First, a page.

BirdLife Middle East
The BirdLife Middle East aims to build up regional capacity, increase geographical representation and promote conservation of natural resources with emphasis on human needs and nature.
The BirdLife Middle East is implemented by a network of BirdLife Partners and Affiliates in the region - the BirdLife Middle East Partnership.
The BirdLife Middle East Programme officially started in 1994 when the book, Important Bird Areas of the Middle East, was launched at the BirdLife World Conference in Germany. Here Arabs from seven countries met to determine the priorities for bird conservation in the region and agreed these to be:
- The conservation of the Highlands of south-west Arabia (because of the high number of endemic species).
- The protection of the internationally important seabird islands in the Arabian Gulf and Red Sea.
- The protection of migratory birds of prey, which pass through the Middle East in internationally important numbers.
- These were known as the Highlands, Islands and Flylands conservation priorities.
The current Programme is based on the BirdLife International Strategy 2000 themes of Species, Sites, Habitats and People.
Identifying and assessing the impact of various threats on Globally Threatened Birds in the region has been a key goal for the Partnership, with a major approach to protect key “bottleneck” sites for soaring migratory birds in the Rift Valley and Red Sea Flyway.
In order to facilitate the proper implementation of the regional programme, and ensure the proper circulation of information on birds, the BirdLife Partnership in coordination with the secretariat has unified and published birds' names in Arabic language, and the list has been adopted, and is widely used in the region.
In terms of conservation action, Partners undertook priorities for many key species focusing on threatened and endemic species of southwest Arabia, along with preparing and carrying out detailed case studies on ecological requirement of key species focusing on breeding sea birds on islands of the Red Sea and Gulf of Aden.
There has been a recent important discovery in the region, where a new colony of the critically endangered Northern Bald Ibis has been discovered in Syria. This is the first evidence of the continued breeding of Northern Bald Ibises in the Middle East since a colony at Birecek in Turkey became extinct in 1989. Recently, a team consisted of BirdLife Middle East and the RSPB visited the site in coordination with the Syrian authorities to assist and evaluate the current conservation work and provide the technical and financial support to responsible authorities to ensure the proper monitoring and protection of the newly discovered colony.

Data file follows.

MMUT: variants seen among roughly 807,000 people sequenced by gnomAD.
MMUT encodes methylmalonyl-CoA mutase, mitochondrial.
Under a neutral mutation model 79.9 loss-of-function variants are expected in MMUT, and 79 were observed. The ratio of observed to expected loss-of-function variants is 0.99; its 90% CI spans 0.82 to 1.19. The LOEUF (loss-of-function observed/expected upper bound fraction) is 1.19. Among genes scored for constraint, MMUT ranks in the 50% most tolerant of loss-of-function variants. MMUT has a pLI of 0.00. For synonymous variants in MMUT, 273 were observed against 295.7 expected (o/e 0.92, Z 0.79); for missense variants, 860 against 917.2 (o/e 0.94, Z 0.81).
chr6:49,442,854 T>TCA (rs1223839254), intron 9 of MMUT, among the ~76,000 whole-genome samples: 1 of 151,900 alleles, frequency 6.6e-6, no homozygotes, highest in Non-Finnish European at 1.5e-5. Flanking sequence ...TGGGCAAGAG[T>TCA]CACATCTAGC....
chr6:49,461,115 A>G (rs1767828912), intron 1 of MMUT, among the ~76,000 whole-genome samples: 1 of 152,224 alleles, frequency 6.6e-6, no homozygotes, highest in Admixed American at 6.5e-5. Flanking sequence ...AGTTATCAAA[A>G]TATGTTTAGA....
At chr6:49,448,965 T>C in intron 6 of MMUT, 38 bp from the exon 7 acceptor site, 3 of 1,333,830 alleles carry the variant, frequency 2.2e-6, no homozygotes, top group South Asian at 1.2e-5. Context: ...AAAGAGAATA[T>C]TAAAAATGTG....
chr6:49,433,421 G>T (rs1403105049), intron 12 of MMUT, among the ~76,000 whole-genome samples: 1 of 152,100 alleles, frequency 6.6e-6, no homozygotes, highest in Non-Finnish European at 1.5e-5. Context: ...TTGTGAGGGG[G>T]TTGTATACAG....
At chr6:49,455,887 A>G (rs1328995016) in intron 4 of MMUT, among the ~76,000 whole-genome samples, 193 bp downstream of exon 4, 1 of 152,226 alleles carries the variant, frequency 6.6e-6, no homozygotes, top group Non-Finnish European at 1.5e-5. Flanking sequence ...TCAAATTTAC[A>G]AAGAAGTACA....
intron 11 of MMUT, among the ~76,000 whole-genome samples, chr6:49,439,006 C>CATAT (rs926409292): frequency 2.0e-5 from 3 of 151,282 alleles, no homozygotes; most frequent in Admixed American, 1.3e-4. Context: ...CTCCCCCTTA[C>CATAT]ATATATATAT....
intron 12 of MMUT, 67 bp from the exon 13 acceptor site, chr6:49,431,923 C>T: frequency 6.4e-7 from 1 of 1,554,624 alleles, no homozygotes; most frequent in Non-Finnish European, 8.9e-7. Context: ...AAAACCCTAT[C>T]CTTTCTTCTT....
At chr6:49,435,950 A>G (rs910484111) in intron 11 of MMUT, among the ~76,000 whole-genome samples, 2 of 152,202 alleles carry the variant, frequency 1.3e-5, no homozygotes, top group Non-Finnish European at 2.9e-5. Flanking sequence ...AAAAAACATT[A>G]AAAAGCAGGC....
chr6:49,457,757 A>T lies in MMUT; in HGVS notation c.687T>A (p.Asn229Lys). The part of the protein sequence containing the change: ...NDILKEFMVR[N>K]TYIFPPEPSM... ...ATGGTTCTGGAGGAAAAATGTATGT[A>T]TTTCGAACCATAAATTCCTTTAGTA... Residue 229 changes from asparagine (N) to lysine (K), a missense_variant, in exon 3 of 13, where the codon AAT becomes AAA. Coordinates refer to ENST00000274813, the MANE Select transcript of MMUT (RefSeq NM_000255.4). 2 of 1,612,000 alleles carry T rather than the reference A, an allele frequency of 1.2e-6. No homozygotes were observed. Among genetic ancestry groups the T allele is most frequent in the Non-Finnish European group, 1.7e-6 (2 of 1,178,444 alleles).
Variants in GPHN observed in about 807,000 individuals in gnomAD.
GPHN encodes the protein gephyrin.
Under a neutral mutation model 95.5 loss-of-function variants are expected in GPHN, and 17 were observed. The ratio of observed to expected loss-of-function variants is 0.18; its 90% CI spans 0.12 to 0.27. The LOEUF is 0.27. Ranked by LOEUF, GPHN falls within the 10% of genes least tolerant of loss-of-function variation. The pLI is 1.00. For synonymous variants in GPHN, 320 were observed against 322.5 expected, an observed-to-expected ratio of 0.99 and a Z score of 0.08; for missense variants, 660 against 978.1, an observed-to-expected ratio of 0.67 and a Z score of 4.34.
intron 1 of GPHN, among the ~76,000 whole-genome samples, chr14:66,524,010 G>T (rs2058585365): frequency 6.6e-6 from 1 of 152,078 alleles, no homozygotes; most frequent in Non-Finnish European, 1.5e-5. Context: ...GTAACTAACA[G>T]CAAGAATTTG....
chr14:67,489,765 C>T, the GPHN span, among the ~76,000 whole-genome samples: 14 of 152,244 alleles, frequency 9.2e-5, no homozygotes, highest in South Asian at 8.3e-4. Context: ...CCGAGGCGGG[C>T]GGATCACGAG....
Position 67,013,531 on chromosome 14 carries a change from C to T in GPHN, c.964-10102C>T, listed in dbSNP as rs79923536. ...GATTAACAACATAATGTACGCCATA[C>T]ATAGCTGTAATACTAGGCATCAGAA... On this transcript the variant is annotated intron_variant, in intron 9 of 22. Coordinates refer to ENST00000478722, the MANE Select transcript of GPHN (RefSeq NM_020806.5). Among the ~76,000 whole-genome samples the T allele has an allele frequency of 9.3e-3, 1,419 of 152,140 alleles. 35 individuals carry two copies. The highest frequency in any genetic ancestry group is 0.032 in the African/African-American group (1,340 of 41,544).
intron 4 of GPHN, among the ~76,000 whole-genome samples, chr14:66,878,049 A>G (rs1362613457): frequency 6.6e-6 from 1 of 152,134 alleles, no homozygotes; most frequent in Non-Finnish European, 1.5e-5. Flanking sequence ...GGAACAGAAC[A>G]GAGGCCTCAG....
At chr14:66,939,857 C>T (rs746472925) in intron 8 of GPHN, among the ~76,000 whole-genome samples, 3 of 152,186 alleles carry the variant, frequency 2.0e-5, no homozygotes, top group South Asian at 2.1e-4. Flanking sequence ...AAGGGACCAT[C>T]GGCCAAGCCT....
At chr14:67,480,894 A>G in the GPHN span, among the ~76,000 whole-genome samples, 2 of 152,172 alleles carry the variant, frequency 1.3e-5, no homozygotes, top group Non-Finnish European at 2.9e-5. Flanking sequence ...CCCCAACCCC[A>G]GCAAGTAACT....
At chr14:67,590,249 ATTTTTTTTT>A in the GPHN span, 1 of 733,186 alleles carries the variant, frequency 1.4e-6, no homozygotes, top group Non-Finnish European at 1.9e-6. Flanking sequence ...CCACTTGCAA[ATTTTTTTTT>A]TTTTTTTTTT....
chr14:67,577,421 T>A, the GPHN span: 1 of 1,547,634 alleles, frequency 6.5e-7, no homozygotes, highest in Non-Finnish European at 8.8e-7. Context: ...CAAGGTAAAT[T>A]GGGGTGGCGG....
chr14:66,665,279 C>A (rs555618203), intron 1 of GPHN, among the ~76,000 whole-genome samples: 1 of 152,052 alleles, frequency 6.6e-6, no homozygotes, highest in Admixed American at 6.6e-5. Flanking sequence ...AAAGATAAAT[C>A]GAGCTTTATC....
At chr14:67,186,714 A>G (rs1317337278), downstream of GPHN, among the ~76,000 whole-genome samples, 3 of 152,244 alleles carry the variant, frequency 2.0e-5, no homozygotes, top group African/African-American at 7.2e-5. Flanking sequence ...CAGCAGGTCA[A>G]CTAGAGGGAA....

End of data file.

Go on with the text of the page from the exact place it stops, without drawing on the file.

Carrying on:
Sites and Habitats
Most of the activities being carried out in the region are focusing on threats to habitats in terms of identifying and assessing, where many of these efforts are being directed to wetlands and islands.Two national Important Bird Area (IBA) inventories has been produced in national languages both in Jordan and Palestine, and recently the IBA programme has been launched in Lebanon.
Partners in the region have prepared and carry out large number of conservation projects including detailed case studies on proposed IBAs. Many of these projects were carried out on Sea Islands. As part of the regional activities of BirdLife, a cross regional project combining both Middle Eastern and African Partners of BirdLife International has been approved. The new project aims to protect key “bottleneck” sites for soaring migratory birds in the Rift Valley and Red Sea Flyway.
The people theme under the regional programme emphasizes a wide spectrum of activities aimed at mainstream adoption of conservation actions in cooperation of local people around important biodiversity areas and enhancing education and communications at a regional level through web-based exchange of information and a regional newsletter. Raising both national and regional awareness on BirdLife conservation efforts is a compelling regional need.
Regional capacity building is of high priority for the division and regional partnership. The partnership has increased enormously since the establishment of Middle East programme and potential partners have been identified. This is accompanied by continuous efforts to enhance the Middle East division that would assist the regional partnership in achieving regional training needs and implementation of regional training programmes.
In order to maintain these activities, providing funds and seeking for sustainable funds flow into the region to implement the envisaged activities is required. The regional Partnership has achieved several successful fundraising activities and is currently seeking a sustainable funding mechanism.
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